A recent poll of 2,000 adults found that nearly one-fourth lied to their romantic partners about how much debt they have.
And that’s not where the lies stop. According to the poll results, “Three in 10 admit they have lied about their annual salaries, and more than 25 percent said they have hidden their spending habits from partners.”
Another recent poll found roughly the same major finding, with 16.2 percent of men and 15.2 percent of women lying about their debt.
It makes sense why people might lie about this, particularly if they and their partner have just started dating. High debt can feel embarrassing and our society — which largely fails to teach people about financial literacy — makes folks feel irresponsible and even immoral for having shaky finances.
Plus, LGBTQ people are more likely to be economically unstable. An August 2018 report by the Center for American Progress stated, “Research has shown that members of the LGBTQ community report lower incomes and higher rates of poverty, increased food insecurity, higher unemployment, and greater vulnerability to homelessness than the general population.”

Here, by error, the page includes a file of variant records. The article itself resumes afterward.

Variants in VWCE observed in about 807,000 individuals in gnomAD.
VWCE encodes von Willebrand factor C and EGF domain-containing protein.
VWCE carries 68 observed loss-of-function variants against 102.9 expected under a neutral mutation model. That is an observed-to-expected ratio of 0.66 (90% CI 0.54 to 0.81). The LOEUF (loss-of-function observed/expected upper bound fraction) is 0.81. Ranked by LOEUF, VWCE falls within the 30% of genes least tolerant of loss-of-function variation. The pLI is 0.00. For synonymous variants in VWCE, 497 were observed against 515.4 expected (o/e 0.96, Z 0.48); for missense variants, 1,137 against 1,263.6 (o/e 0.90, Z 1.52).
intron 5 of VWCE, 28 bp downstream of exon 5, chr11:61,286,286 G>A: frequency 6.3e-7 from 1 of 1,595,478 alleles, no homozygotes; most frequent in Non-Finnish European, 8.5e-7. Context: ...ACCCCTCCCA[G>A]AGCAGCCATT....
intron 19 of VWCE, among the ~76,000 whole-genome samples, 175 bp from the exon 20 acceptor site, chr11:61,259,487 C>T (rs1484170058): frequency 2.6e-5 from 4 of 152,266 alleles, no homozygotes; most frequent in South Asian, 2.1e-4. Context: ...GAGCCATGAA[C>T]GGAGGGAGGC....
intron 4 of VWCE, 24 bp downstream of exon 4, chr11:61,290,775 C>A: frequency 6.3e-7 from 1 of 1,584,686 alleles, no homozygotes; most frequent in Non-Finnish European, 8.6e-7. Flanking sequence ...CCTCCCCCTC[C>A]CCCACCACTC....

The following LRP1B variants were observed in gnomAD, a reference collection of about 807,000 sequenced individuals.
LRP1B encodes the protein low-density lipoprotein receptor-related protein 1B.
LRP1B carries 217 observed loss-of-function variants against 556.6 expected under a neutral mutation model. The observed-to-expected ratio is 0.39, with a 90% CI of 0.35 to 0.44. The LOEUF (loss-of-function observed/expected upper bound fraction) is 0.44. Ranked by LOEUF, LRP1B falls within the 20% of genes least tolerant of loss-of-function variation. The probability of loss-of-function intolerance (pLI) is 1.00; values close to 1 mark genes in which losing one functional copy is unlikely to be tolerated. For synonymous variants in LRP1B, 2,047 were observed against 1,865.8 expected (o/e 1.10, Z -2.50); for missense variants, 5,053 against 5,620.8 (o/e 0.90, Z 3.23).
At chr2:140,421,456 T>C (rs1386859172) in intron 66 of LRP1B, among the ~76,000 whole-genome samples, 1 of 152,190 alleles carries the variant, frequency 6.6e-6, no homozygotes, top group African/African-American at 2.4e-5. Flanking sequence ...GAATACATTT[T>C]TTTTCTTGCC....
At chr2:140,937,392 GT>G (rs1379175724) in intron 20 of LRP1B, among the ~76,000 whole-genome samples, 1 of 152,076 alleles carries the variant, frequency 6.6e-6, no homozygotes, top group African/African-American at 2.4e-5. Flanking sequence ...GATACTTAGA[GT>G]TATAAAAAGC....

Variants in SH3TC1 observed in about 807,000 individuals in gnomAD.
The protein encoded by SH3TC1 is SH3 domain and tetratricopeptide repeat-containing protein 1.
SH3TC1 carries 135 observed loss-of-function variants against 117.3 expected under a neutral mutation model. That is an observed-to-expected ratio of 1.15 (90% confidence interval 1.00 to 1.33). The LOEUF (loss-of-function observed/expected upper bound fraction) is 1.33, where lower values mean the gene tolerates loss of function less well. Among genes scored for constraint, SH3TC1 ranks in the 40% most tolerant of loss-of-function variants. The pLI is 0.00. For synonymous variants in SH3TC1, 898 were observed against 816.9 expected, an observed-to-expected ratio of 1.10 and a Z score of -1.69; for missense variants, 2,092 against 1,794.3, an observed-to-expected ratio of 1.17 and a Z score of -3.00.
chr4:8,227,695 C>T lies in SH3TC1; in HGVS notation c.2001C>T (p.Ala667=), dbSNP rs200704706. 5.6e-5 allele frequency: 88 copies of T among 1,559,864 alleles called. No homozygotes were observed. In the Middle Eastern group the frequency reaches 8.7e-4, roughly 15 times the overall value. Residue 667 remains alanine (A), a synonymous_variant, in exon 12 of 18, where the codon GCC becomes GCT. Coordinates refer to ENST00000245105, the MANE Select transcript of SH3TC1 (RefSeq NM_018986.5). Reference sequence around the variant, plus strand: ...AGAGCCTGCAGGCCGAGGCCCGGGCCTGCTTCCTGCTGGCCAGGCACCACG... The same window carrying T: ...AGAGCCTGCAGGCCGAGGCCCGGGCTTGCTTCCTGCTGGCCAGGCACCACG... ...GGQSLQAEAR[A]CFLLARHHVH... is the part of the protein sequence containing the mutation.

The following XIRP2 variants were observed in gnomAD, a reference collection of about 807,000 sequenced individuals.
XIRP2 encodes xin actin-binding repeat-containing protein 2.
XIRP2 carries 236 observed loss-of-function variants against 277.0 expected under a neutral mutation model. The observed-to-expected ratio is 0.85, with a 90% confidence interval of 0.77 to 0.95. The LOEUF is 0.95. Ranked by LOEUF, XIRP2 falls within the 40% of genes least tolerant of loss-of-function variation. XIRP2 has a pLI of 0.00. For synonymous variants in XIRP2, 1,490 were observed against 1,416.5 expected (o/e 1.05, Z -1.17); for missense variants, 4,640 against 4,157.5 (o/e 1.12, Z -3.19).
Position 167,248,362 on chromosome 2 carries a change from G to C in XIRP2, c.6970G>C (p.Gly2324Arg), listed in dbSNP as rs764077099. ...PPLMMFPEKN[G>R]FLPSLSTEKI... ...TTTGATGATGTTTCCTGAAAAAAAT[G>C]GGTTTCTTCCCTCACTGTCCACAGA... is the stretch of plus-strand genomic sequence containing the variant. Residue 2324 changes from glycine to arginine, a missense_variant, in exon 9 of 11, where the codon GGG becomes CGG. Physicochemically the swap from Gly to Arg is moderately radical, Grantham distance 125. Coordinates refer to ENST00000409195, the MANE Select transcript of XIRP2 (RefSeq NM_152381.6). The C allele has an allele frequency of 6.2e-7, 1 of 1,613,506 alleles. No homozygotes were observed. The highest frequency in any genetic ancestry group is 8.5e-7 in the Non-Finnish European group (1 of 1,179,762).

Plus, the poll’s other stats help explain why people might want to fib about their finances. (Namely, debt is a big turn-off.):
14 percent of respondents said that credit card debt over $10,000 is a big red flag and possible relationship deal breaker. Additionally, it seems that not all debt is equal in the minds of many adults, with 35 percent of respondents reporting that credit card debt is worse in their minds than student loan debt. To that end, 50 percent of adults say bad credit card debt is a major cause for concern in a new potential partner…. A poor credit score was also listed as a dating turnoff by 37 percent of respondents.
Here’s the tea: If you’re thinking about moving in or sharing finances with a partner, you gotta come clean about your situation. Discussing it could give you ideas on how to fix it or help bring you and your partner closer as you discuss overthrowing the capitalist system — either way, it’s a win!
And if you’re curious, poll respondents said they typically wait about six months before disclosing their finances with a new partner. Save it for the half-year anniversary, y’all!